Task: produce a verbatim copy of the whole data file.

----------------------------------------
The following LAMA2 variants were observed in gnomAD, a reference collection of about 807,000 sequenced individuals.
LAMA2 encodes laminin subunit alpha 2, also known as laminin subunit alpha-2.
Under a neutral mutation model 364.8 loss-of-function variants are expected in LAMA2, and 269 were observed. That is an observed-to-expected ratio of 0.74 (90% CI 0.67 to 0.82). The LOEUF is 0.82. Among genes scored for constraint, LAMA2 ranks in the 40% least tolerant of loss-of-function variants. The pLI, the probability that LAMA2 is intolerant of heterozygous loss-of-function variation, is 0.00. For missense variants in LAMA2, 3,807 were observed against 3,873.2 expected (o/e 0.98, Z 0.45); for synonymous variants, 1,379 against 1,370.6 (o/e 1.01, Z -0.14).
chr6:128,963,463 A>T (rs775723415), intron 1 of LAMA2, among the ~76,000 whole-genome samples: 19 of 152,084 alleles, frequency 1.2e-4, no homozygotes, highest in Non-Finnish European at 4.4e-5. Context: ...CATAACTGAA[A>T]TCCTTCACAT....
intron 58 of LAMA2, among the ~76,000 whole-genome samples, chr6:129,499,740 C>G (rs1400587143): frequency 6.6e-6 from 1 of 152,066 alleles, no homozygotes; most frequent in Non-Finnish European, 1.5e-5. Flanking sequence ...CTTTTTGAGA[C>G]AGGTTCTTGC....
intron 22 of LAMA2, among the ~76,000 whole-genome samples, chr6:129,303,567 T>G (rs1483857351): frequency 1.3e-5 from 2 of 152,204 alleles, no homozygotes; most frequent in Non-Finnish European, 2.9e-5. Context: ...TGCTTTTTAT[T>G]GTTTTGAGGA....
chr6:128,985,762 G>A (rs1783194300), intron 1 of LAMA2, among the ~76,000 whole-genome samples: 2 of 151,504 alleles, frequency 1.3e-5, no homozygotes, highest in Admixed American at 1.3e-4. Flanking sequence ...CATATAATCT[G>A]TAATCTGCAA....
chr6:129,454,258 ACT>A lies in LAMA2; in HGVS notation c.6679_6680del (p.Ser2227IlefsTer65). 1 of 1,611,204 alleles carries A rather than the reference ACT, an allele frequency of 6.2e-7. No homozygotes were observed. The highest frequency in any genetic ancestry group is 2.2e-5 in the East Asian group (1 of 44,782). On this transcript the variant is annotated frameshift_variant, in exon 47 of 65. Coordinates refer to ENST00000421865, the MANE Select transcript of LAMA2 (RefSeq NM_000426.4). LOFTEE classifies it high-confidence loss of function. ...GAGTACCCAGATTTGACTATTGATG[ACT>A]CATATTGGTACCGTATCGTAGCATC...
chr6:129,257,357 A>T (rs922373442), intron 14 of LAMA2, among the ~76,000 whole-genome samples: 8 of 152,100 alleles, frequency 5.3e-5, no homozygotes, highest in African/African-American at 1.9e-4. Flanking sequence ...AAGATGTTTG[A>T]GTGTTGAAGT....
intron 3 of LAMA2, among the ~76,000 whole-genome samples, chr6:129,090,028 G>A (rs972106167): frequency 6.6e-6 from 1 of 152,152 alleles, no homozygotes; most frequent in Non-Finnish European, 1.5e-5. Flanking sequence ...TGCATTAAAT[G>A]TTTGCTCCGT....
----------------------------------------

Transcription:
The following LAMA2 variants were observed in gnomAD, a reference collection of about 807,000 sequenced individuals.
LAMA2 encodes laminin subunit alpha 2, also known as laminin subunit alpha-2.
Under a neutral mutation model 364.8 loss-of-function variants are expected in LAMA2, and 269 were observed. That is an observed-to-expected ratio of 0.74 (90% CI 0.67 to 0.82). The LOEUF is 0.82. Among genes scored for constraint, LAMA2 ranks in the 40% least tolerant of loss-of-function variants. The pLI, the probability that LAMA2 is intolerant of heterozygous loss-of-function variation, is 0.00. For missense variants in LAMA2, 3,807 were observed against 3,873.2 expected (o/e 0.98, Z 0.45); for synonymous variants, 1,379 against 1,370.6 (o/e 1.01, Z -0.14).
chr6:128,963,463 A>T (rs775723415), intron 1 of LAMA2, among the ~76,000 whole-genome samples: 19 of 152,084 alleles, frequency 1.2e-4, no homozygotes, highest in Non-Finnish European at 4.4e-5. Context: ...CATAACTGAA[A>T]TCCTTCACAT....
intron 58 of LAMA2, among the ~76,000 whole-genome samples, chr6:129,499,740 C>G (rs1400587143): frequency 6.6e-6 from 1 of 152,066 alleles, no homozygotes; most frequent in Non-Finnish European, 1.5e-5. Flanking sequence ...CTTTTTGAGA[C>G]AGGTTCTTGC....
intron 22 of LAMA2, among the ~76,000 whole-genome samples, chr6:129,303,567 T>G (rs1483857351): frequency 1.3e-5 from 2 of 152,204 alleles, no homozygotes; most frequent in Non-Finnish European, 2.9e-5. Context: ...TGCTTTTTAT[T>G]GTTTTGAGGA....
chr6:128,985,762 G>A (rs1783194300), intron 1 of LAMA2, among the ~76,000 whole-genome samples: 2 of 151,504 alleles, frequency 1.3e-5, no homozygotes, highest in Admixed American at 1.3e-4. Flanking sequence ...CATATAATCT[G>A]TAATCTGCAA....
chr6:129,454,258 ACT>A lies in LAMA2; in HGVS notation c.6679_6680del (p.Ser2227IlefsTer65). 1 of 1,611,204 alleles carries A rather than the reference ACT, an allele frequency of 6.2e-7. No homozygotes were observed. The highest frequency in any genetic ancestry group is 2.2e-5 in the East Asian group (1 of 44,782). On this transcript the variant is annotated frameshift_variant, in exon 47 of 65. Coordinates refer to ENST00000421865, the MANE Select transcript of LAMA2 (RefSeq NM_000426.4). LOFTEE classifies it high-confidence loss of function. ...GAGTACCCAGATTTGACTATTGATG[ACT>A]CATATTGGTACCGTATCGTAGCATC...
chr6:129,257,357 A>T (rs922373442), intron 14 of LAMA2, among the ~76,000 whole-genome samples: 8 of 152,100 alleles, frequency 5.3e-5, no homozygotes, highest in African/African-American at 1.9e-4. Flanking sequence ...AAGATGTTTG[A>T]GTGTTGAAGT....
intron 3 of LAMA2, among the ~76,000 whole-genome samples, chr6:129,090,028 G>A (rs972106167): frequency 6.6e-6 from 1 of 152,152 alleles, no homozygotes; most frequent in Non-Finnish European, 1.5e-5. Flanking sequence ...TGCATTAAAT[G>A]TTTGCTCCGT....